In Minneapolis/St. Paul—like any set of cities—insider talk has long identified those cut-throat corporate and institutional cultures that routinely toss human capital to the side. Insider talk also identifies those bosses, managers and C-suite people without empathy and/or ethical moorings. New employees are generally forewarned when they sign up.

Of course, business is still about earning a living for the people involved even as the organization serves some human need. So don’t think I’m championing some communistic collective. Profits will and must be made to help society move forward.

But as we move toward fuller employment, workers will become more choosy about where they spend their days. And those cultures that have a less sustainable ethos will not be the winners.

I’m not convinced I’ve identified the right categories to measure. What categories would you include?

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Image credit: Kirk Livingston

Northern Spark 2014: Don’t Freak

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Go, by all means. Just don’t freak out…

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…at the…

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weird stuff.

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Northern Spark: June 14 9:01pm – 5:26am, Minneapolis

Worth every minute.

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Image Credit: Kirk Livingston

Written by kirkistan

June 14, 2014 at 5:00 am

Mpls

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Bisect The CityCity-2-06012014

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Written by kirkistan

June 1, 2014 at 12:35 pm

Northeast Minneapolis Art-A-Whirl

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Wandering through the artist’s workspace is at least 50% of the fun

Urban Garden in Mill City

Urban Garden in Mill City

Six floors of art studios in the California Building

Six floors of art studios in the California Building

The top photo shows how Minneapolis begins to blossom in the spring.

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Photo credit: Kirk Livingston

Written by kirkistan

May 18, 2014 at 10:03 am

“Nothing Cheers Me…Like a Great Pair of Ears”

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I like reading blogs because…detail02072014-6a01053560de5d970b01a51161bf2d970c-250wi

In regular life you might never hear the word combinations that people reveal in blogs. Bloggers can answer questions you’d never dream to ask—and suddenly you are enriched by some comment outta nowhere.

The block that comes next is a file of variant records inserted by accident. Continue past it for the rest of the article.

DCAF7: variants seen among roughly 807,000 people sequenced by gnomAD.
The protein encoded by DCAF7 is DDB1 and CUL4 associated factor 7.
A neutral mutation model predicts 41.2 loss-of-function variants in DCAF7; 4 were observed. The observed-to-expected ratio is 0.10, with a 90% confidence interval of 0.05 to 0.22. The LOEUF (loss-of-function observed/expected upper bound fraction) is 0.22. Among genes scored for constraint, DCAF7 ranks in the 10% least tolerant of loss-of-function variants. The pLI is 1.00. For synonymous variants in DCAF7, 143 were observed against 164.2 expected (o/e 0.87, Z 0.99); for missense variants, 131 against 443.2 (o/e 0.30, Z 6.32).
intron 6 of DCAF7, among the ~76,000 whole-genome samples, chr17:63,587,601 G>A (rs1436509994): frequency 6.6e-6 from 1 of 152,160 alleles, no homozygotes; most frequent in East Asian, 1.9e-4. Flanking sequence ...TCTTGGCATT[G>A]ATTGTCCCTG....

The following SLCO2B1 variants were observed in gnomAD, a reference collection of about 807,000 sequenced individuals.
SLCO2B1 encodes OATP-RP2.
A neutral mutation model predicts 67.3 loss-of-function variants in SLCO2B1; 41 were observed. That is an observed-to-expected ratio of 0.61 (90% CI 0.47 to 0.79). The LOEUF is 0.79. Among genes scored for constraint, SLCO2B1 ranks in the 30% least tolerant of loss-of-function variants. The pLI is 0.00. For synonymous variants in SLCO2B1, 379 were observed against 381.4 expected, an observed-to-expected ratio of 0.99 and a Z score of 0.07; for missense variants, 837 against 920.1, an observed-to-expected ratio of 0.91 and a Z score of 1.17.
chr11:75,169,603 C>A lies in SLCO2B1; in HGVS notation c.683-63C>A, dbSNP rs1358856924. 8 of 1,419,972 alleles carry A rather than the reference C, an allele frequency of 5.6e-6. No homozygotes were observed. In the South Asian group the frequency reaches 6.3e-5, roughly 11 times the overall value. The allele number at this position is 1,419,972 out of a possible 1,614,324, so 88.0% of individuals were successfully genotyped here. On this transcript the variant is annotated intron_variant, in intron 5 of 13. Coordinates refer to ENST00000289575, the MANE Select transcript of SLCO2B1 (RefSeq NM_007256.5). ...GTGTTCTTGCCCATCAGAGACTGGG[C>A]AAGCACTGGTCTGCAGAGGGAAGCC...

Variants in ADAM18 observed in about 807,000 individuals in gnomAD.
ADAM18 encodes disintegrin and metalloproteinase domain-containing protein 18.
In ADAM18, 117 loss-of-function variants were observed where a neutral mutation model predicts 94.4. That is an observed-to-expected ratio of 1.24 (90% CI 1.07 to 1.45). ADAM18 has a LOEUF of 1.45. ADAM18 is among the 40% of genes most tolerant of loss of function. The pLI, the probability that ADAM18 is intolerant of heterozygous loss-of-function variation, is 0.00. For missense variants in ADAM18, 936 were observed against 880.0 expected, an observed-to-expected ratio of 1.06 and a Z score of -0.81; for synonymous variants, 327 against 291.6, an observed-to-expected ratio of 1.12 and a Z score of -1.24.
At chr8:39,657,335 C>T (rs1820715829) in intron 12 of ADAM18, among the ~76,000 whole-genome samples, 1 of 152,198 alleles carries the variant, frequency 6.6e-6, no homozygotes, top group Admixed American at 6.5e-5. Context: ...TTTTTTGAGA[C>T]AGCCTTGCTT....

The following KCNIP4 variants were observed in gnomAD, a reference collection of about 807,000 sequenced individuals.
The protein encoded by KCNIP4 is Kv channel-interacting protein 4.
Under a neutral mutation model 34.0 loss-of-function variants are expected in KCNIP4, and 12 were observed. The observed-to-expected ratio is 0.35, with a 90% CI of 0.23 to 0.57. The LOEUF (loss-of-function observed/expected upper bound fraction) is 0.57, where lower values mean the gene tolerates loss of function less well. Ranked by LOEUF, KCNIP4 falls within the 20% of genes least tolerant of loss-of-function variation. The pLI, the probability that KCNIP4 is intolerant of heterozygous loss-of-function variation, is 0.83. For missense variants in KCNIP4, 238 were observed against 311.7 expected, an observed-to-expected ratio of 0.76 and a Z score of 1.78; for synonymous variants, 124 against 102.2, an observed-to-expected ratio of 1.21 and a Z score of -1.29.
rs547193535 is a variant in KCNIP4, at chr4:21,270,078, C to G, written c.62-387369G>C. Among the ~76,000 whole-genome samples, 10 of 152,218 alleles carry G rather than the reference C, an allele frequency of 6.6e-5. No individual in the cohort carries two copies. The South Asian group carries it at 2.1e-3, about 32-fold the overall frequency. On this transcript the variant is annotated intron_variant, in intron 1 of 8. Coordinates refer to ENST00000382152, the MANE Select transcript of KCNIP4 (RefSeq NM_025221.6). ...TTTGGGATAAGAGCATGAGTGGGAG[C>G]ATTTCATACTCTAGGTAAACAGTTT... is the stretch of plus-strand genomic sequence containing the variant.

Like this quote (above) from Roz Wound Up.

I recently started following Roz Wound Up, a Minneapolis artist/sketcher/writer (designer/illustrator/teacher at the Minnesota Center for Book Arts) because of the detail she includes about how she practices her craft. A few days back she wrote a fascinating post about the ethics of sketching people in public. Hint: wear a large duck-billed hat so people cannot see your eyes. Today’s delightful post fixates on ears:

I’ve been watching tattoo shows again—Best Ink is the one that’s on right now. It was late, the day had been a complete wash up. Then this kid was standing there being judged on the show and I simple fell in love with his ears.

Read any of her posts and you’ll find in yourself a growing affection for pens and paper and seeing. Specifically:

  • Pentel Pocket Brush Pen
  • Fabriano Tiziano (8.5 x 11 inch sheet of cream)
  • And this: the way the pen feels going across the paper. Especially that.

I once thought a pen was a pen and paper was just something you grabbed from the drawer on the copier (and money’s just something you throw off the back of a train—thanks for sticking that in my brain, Tom Waits).

No longer. Sketching is a sensual art. Maybe seeing is too. The focus of Roz Wound Up has piqued my interest. And with the little sketching I’ve done I’ve started to have a sense of the way my pencil graphite feels across the fine tooth surface of my sketch pad. Now seeing has a sensual element—it’s something I do with a pencil and paper in hand.

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Seeing rocks. I hope to do more of it.

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Image credit: Roz Wound Up, Kirk Livingston

Now is the Perfect Time to Bike Minneapolis

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“Minneapolis ranks second in bike commuting, with our old nemesis taking top honors”

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Aaron Rupar at City Pages recently pointed out that 6.1 percent of Portlandians bike to work, compared to 4.5 percent in Minneapolis. While that puts Portland ahead in commuters, Minneapolis is a biking paradise that continues to climb in bicycle usage.20130808_182224

If you’ve not spent much time on your bike, these waning days of summer are spectacular—especially as the leaves change. You’ll see all sorts of things you never noticed from the surface roads.

Do yourself a favor and take a spin this weekend.

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Image Credits: Kirk Livingston

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Written by kirkistan

September 25, 2013 at 9:45 am

Posted in curiosities